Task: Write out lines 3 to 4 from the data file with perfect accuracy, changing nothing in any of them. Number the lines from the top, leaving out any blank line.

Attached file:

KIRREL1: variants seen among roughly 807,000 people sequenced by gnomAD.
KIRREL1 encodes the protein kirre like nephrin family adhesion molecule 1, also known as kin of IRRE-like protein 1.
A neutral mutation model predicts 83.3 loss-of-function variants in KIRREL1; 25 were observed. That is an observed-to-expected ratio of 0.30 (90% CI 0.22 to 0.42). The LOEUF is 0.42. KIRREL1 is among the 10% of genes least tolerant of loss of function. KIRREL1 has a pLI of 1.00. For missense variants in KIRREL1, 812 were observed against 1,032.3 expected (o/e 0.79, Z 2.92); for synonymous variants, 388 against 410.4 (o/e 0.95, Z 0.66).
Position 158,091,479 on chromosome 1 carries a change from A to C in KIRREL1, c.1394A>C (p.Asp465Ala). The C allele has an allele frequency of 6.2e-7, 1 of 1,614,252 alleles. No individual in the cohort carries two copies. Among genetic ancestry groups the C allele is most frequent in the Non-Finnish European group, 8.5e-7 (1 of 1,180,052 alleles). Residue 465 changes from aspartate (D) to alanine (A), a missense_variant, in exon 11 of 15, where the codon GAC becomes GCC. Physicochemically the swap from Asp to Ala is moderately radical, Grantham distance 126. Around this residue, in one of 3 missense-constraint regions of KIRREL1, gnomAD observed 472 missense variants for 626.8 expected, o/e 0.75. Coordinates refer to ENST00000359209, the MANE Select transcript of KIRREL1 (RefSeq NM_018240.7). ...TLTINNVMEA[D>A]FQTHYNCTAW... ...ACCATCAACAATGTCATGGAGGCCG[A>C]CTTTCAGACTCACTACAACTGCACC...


A neutral mutation model predicts 83.3 loss-of-function variants in KIRREL1; 25 were observed. That is an observed-to-expected ratio of 0.30 (90% CI 0.22 to 0.42). The LOEUF is 0.42. KIRREL1 is among the 10% of genes least tolerant of loss of function. KIRREL1 has a pLI of 1.00. For missense variants in KIRREL1, 812 were observed against 1,032.3 expected (o/e 0.79, Z 2.92); for synonymous variants, 388 against 410.4 (o/e 0.95, Z 0.66).
Position 158,091,479 on chromosome 1 carries a change from A to C in KIRREL1, c.1394A>C (p.Asp465Ala). The C allele has an allele frequency of 6.2e-7, 1 of 1,614,252 alleles. No individual in the cohort carries two copies. Among genetic ancestry groups the C allele is most frequent in the Non-Finnish European group, 8.5e-7 (1 of 1,180,052 alleles). Residue 465 changes from aspartate (D) to alanine (A), a missense_variant, in exon 11 of 15, where the codon GAC becomes GCC. Physicochemically the swap from Asp to Ala is moderately radical, Grantham distance 126. Around this residue, in one of 3 missense-constraint regions of KIRREL1, gnomAD observed 472 missense variants for 626.8 expected, o/e 0.75. Coordinates refer to ENST00000359209, the MANE Select transcript of KIRREL1 (RefSeq NM_018240.7). ...TLTINNVMEA[D>A]FQTHYNCTAW... ...ACCATCAACAATGTCATGGAGGCCG[A>C]CTTTCAGACTCACTACAACTGCACC...